Immunohistochemical characteristics of renomedullary interstitial cell tumor: a study of 41 tumors with emphasis on differential diagnosis of mesenchymal neoplasms.

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Human pathology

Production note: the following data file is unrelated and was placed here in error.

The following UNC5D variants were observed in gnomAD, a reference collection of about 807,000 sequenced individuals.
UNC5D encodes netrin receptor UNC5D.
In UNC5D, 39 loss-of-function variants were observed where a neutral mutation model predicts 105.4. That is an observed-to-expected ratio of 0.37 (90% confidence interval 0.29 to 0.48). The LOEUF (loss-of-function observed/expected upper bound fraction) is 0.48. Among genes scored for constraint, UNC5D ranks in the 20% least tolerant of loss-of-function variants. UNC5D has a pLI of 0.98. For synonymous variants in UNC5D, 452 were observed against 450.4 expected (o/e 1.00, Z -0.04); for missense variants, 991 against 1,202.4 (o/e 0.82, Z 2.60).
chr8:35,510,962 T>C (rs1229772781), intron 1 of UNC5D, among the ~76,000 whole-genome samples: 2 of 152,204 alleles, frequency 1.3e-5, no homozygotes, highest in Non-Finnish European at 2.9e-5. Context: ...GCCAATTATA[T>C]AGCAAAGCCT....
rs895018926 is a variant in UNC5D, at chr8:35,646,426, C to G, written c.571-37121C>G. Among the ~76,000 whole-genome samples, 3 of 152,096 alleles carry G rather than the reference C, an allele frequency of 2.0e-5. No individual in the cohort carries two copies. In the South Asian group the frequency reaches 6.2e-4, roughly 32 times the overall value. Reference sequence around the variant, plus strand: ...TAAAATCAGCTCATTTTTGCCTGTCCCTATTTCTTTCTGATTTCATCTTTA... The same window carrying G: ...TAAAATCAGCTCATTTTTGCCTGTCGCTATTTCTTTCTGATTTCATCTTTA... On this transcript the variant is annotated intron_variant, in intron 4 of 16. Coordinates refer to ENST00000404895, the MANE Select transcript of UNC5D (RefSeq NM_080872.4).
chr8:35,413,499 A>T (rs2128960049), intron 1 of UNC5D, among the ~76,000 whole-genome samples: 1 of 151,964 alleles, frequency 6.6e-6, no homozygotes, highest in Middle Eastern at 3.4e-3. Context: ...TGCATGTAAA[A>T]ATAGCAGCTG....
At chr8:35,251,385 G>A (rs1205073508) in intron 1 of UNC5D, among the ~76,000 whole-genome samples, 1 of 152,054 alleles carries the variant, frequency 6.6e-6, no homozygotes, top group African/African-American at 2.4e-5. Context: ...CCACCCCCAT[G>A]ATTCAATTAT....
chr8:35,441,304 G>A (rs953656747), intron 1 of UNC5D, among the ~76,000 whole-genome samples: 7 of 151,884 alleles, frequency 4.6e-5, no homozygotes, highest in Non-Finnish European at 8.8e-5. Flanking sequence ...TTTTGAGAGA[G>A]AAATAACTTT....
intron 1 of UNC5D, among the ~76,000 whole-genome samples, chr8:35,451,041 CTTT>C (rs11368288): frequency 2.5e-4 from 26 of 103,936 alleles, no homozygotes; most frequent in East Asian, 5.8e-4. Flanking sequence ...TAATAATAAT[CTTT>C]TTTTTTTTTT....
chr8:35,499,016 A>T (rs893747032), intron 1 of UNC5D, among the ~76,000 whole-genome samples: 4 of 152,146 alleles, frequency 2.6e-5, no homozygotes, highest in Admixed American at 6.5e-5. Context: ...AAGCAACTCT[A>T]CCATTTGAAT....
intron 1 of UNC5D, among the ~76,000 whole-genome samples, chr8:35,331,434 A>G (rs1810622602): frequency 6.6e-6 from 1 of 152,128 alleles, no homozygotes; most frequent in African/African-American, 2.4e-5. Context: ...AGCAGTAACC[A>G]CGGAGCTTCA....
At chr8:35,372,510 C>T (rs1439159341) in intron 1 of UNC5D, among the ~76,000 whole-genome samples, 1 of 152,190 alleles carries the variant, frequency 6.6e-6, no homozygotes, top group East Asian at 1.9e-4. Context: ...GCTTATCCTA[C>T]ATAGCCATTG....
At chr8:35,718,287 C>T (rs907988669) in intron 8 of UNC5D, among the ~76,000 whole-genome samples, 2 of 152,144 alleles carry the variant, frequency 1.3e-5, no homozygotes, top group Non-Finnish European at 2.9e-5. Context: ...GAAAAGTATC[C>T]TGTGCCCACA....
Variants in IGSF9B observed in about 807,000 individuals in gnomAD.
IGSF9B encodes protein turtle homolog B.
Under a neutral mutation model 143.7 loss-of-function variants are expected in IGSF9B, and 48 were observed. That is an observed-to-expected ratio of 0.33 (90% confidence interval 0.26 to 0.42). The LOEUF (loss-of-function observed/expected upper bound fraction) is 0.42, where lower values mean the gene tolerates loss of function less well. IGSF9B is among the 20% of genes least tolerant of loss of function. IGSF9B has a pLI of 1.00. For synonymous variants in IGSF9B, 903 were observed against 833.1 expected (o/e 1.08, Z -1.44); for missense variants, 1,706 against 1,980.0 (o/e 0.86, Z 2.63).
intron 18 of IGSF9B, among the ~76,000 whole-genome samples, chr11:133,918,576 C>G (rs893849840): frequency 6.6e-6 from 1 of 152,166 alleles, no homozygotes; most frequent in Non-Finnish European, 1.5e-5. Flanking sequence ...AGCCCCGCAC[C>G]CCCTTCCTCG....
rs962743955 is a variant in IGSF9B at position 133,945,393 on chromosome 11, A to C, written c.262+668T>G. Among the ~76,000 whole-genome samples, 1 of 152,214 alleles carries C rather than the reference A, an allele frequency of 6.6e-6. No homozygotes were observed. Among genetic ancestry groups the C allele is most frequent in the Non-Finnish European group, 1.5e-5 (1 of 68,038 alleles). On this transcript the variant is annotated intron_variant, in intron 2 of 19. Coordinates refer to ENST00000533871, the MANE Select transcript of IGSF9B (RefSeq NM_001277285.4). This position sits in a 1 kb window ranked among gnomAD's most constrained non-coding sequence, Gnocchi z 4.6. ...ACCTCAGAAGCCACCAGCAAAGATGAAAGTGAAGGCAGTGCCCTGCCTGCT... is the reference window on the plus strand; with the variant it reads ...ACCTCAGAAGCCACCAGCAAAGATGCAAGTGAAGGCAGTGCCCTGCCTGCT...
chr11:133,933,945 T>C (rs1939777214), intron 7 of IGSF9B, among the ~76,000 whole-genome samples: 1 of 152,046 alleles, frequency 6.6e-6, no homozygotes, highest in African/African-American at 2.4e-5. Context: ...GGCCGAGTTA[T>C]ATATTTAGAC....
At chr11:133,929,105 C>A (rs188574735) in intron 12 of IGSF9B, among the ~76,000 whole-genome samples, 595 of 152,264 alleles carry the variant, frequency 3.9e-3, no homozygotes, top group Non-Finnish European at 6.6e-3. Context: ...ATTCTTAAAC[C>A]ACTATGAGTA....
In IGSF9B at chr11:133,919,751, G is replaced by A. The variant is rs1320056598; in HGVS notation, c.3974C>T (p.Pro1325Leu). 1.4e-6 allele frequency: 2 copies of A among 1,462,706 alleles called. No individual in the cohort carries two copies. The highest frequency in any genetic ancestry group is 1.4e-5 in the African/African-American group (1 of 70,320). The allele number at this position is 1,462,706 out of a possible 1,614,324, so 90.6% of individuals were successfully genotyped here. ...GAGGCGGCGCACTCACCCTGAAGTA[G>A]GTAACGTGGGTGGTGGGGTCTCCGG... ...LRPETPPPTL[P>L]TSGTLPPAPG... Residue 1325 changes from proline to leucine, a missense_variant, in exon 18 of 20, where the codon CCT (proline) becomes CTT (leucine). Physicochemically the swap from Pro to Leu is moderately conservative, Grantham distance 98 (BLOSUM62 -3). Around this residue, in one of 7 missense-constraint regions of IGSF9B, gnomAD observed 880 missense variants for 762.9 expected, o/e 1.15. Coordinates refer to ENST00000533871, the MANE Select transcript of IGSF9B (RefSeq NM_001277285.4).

Renomedullary interstitial cell tumors (RMICTs) are almost always incidentally identified either at autopsy or upon resection of the kidney for other reasons. However, rare cases that are large, resulting in a clinical mass, have been reported. The immunohistochemical phenotype of usual, incidental RMICT using modern soft tissue tumor markers is largely unknown, however, providing little information to aid in classification of larger or atypical tumors. We retrieved 41 RMICTs from 36 patients and studied pathologic characteristics including morphology, immunohistochemistry (S100, keratin AE1/AE3, smooth muscle actin, desmin, estrogen and progesterone receptors, calponin, CD34, CD35), and histochemical staining. Data collected included age, sex, tumor size, laterality, and indication for kidney examination. RMICTs (n = 41) were identified in 23 men and 13 women, with a mean age of 57 years (range, 24-83 years); tumor sizes ranged from less than 1 to 13 mm (median, 4 mm). Kidneys were resected for 32 tumors, 1 chronic pyelonephritis, 1 trauma, and 2 autopsies. All (41; 100%) had entrapped renal tubules, 5 (12%) of which included cystic or dilated tubules. Most (35; 85%) had collagenous fibers, all of which were negative for Congo red. RMICT demonstrates a largely negative immunohistochemical phenotype with weak-to-moderate labeling for smooth muscle actin and calponin that is substantially less than myofibroblastic lesions. Positive staining for estrogen and progesterone receptors is common (61%), which could overlap with mixed epithelial and stromal tumor and other entities; however, staining is typically weak. CD34 is usually negative, with occasional weak labeling, in contrast to solitary fibrous tumor.

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